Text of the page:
Wednesday, May 20, 2015

Microreview [book]: The Grace of Kings by Ken Liu

An exciting new silkpunk fantasy...

The Grace of Kings (Book 1 of the Dandelion Dynasty) opens in as exciting a manner as imaginable. The young and reckless Kuni Garu--one of the heroes of the tale--goes to an Imperial Procession held to memorialize Emperor Mapidere's unification of the kingdoms of Dara. While there, Kuni witnesses a bold assassination attempt on Emperor Mapidere. A man, riding a battle kite (yes, a battle kite!), suddenly dives at the Throne Pagoda and launches a ball of fire at the emperor. The quick thinking of the Captain of the Guards saves the emperor, and after a few more failed attempts punctuated by brilliant theatrics, the would-be assassin flies off toward the city of Zudi. This assassination attempt leaves an indelible impression on the young Kuni Garu, who would later play a central role in the re-unification of Dara archipelago.

The true story, however, begins years later, with the death of Emperor Mapidere. In the wake of Mapidere's death, palace treachery causes the empire to split up. In this tumultuous period, two young men quickly assume the leadership of a broader rebellion: Mata Zyndu and Kuni Garu. Both men are polar opposites. Mata Zyndu is a man bred to rule. The proud son of a deposed duke, he holds static notions that rulership is best left to the "legitimate" old nobility. And he emerges as a force to be reckoned with on the battlefield, blessed with martial valor by the gods themselves. Standing side-by-side with Mata Zyndu, however, is the rather unlikely character of Kuni Garu. Born with no noble ties, Kuni Garu is a restless commoner ne'er do well, one who has dreams of greatness to be gained through his charm and wit. The relationship between Mata Zyndu and Kuni Garu holds the key to the future of the entire land of Dara.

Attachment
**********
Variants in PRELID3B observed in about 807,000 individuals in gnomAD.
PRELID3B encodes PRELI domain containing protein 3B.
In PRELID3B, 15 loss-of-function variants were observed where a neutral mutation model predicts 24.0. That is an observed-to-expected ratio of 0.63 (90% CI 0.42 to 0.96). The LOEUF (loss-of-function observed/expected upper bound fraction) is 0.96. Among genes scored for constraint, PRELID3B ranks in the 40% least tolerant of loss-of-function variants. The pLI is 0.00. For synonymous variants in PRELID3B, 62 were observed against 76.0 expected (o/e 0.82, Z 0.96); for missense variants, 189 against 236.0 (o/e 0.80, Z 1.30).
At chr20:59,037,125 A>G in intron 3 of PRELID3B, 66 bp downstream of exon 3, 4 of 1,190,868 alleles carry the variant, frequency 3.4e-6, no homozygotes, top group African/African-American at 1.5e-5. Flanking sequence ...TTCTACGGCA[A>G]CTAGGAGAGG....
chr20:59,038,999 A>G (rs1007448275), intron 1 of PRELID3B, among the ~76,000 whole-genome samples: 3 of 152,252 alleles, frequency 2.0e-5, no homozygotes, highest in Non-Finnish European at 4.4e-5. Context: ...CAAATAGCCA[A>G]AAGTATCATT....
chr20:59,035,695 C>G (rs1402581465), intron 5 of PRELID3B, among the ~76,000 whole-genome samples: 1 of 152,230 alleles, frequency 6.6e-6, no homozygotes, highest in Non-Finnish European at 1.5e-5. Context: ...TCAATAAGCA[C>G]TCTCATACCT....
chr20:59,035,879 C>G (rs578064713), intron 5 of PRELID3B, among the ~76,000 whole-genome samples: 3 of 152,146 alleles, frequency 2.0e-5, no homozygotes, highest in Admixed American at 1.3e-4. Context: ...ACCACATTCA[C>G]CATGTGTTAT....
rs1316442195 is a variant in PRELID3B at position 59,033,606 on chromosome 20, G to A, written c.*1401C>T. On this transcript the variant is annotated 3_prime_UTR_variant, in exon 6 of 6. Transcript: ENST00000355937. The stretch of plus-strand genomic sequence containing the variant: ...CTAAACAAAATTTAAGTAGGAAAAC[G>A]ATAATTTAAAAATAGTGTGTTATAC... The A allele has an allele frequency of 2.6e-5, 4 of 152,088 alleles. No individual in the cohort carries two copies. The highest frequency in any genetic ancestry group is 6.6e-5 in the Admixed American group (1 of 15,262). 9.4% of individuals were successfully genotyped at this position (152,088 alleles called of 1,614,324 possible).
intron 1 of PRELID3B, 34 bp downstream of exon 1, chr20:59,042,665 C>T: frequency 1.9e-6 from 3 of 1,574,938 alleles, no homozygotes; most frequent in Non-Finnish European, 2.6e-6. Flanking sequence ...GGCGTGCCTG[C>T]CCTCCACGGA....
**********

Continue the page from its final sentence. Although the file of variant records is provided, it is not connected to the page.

The Grace of Kings is Ken Liu's attempt to retell the rise of the Han Dynasty in China in epic fantasy form. Liu takes as his inspiration not only the history of the Han dynasty (as told through the Shiji, or Records of the Grand Historian), but also such classics as the Romance of the Three Kingdoms. He builds off such major themes from Romance as virtue versus vanity, nobility versus cruelty in unique and interesting ways. But Liu looks far beyond historical China for inspiration. Although Dara is based off Han dynasty China, The Grace of Kings features in equal part influences from Greek and Roman epic poetry and theater traditions. The storytelling often brought to mind Homer's Iliad, and the plays of Aeschylus. The gods in the Dandelion Dynasty serve as members of a Aeschylean Greek Chorus (minus the dancing and singing, of course), and help to highlight the tragic elements in the story and to reinforce the novel's emotional mood. And the gods do not refrain from covertly aiding their champions, whenever possible.